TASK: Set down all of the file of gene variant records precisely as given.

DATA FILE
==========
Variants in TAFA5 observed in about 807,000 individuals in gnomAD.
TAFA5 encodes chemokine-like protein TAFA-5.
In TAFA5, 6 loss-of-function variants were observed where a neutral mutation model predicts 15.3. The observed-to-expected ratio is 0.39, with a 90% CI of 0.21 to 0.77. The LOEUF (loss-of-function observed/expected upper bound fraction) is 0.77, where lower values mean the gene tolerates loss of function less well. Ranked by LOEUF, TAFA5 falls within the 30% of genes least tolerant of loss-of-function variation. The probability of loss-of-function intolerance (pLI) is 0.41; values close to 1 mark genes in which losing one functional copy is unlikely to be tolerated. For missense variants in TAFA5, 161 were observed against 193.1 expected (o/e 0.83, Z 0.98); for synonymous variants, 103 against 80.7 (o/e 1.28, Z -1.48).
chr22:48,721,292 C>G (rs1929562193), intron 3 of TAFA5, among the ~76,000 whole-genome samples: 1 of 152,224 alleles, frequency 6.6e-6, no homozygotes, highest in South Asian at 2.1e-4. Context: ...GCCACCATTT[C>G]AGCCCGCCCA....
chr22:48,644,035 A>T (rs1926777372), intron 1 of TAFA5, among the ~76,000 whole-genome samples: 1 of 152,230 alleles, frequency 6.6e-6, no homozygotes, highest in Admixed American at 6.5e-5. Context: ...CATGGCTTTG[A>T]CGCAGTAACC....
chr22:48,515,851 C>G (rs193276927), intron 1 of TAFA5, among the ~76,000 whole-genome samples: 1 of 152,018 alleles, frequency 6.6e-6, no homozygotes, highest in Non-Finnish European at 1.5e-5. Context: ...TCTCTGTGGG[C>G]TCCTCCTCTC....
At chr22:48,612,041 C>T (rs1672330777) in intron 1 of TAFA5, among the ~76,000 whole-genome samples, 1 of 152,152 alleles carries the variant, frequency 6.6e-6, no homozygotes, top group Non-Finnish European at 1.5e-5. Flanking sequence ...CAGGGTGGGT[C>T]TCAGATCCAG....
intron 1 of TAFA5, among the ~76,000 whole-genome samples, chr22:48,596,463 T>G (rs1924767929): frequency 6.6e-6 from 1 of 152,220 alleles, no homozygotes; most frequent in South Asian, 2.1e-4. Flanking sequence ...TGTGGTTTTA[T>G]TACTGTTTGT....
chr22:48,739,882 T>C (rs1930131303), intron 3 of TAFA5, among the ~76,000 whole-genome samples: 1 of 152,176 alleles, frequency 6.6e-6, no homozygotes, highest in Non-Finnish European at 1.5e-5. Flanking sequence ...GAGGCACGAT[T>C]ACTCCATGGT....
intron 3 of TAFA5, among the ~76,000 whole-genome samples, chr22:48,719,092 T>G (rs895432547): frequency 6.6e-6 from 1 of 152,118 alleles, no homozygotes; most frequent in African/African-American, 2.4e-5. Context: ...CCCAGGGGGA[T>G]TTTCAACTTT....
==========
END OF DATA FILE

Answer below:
Variants in TAFA5 observed in about 807,000 individuals in gnomAD.
TAFA5 encodes chemokine-like protein TAFA-5.
In TAFA5, 6 loss-of-function variants were observed where a neutral mutation model predicts 15.3. The observed-to-expected ratio is 0.39, with a 90% CI of 0.21 to 0.77. The LOEUF (loss-of-function observed/expected upper bound fraction) is 0.77, where lower values mean the gene tolerates loss of function less well. Ranked by LOEUF, TAFA5 falls within the 30% of genes least tolerant of loss-of-function variation. The probability of loss-of-function intolerance (pLI) is 0.41; values close to 1 mark genes in which losing one functional copy is unlikely to be tolerated. For missense variants in TAFA5, 161 were observed against 193.1 expected (o/e 0.83, Z 0.98); for synonymous variants, 103 against 80.7 (o/e 1.28, Z -1.48).
chr22:48,721,292 C>G (rs1929562193), intron 3 of TAFA5, among the ~76,000 whole-genome samples: 1 of 152,224 alleles, frequency 6.6e-6, no homozygotes, highest in South Asian at 2.1e-4. Context: ...GCCACCATTT[C>G]AGCCCGCCCA....
chr22:48,644,035 A>T (rs1926777372), intron 1 of TAFA5, among the ~76,000 whole-genome samples: 1 of 152,230 alleles, frequency 6.6e-6, no homozygotes, highest in Admixed American at 6.5e-5. Context: ...CATGGCTTTG[A>T]CGCAGTAACC....
chr22:48,515,851 C>G (rs193276927), intron 1 of TAFA5, among the ~76,000 whole-genome samples: 1 of 152,018 alleles, frequency 6.6e-6, no homozygotes, highest in Non-Finnish European at 1.5e-5. Context: ...TCTCTGTGGG[C>G]TCCTCCTCTC....
At chr22:48,612,041 C>T (rs1672330777) in intron 1 of TAFA5, among the ~76,000 whole-genome samples, 1 of 152,152 alleles carries the variant, frequency 6.6e-6, no homozygotes, top group Non-Finnish European at 1.5e-5. Flanking sequence ...CAGGGTGGGT[C>T]TCAGATCCAG....
intron 1 of TAFA5, among the ~76,000 whole-genome samples, chr22:48,596,463 T>G (rs1924767929): frequency 6.6e-6 from 1 of 152,220 alleles, no homozygotes; most frequent in South Asian, 2.1e-4. Flanking sequence ...TGTGGTTTTA[T>G]TACTGTTTGT....
chr22:48,739,882 T>C (rs1930131303), intron 3 of TAFA5, among the ~76,000 whole-genome samples: 1 of 152,176 alleles, frequency 6.6e-6, no homozygotes, highest in Non-Finnish European at 1.5e-5. Flanking sequence ...GAGGCACGAT[T>C]ACTCCATGGT....
intron 3 of TAFA5, among the ~76,000 whole-genome samples, chr22:48,719,092 T>G (rs895432547): frequency 6.6e-6 from 1 of 152,118 alleles, no homozygotes; most frequent in African/African-American, 2.4e-5. Context: ...CCCAGGGGGA[T>G]TTTCAACTTT....